Northern Territory boxing great Boyd Scully passed away on the weekend aged 77, his family has confirmed.
Mr Scully had a long, successful career – first as a boxer, then as a trainer and administrator. Last year, he was diagnosed with lung cancer.
Daughter Marise Scully says the family has been inundated with calls from Boyd’s former boxing students.
“He was a very driven person, inspiring … Once he had set his mind on something, there was nothing that was going to stop him from achieving that,” Ms Scully tells NITV News.
“He had a hard childhood, and I think he always set goals that were not really achievable from where he came from. But he always achieved them anyway.”
Boyd Scully was a gifted sportsman from a young age. He won the Queensland paperweight title aged 14, then the NSW junior welterweight at 21. He came close to representing Australia at the 1956 Olympic Games in Melbourne.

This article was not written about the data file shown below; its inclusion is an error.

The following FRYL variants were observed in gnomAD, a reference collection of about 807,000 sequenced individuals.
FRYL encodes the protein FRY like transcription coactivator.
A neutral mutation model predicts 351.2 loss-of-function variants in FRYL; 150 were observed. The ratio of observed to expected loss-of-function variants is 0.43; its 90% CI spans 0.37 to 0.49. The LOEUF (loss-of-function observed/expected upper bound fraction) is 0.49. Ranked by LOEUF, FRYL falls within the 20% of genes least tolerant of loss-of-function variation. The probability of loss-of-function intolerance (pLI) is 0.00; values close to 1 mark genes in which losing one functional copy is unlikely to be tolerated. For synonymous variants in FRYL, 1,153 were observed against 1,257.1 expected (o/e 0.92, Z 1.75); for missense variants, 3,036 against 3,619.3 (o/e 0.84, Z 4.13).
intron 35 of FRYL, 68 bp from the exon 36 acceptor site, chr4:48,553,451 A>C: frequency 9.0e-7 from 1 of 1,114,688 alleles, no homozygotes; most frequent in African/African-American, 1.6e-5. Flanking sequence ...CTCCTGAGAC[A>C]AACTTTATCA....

The passion for the sport never left him, Marise says.
“He was still on his oxygen two months ago, going to training, trying to help.”
“The doctors … couldn’t believe how strong he was.”
Mr Scully was the first Indigenous person to receive a life membership from Boxing Australia, and was inducted into the Queensland Boxing Hall of Fame in 2013.
He was the president of Boxing NT for more than a decade, and ran the Arafura Games boxing tournament for 18 years.
He had a reputation for bringing young kids off the street and into the gym.
Marise also remembers him taking trips out to remote communities to teach boxing.
“Health, fitness … I think that was the main reason for those types of programs out there. There is an alternative to sitting out here drinking alcohol and doing drugs.”
Marise says her father taught her the importance of direction and motivation.
“Set yourself a goal, be determined and pursue it until you get it. And don’t let anyone stand in your way. I don’t think he did.”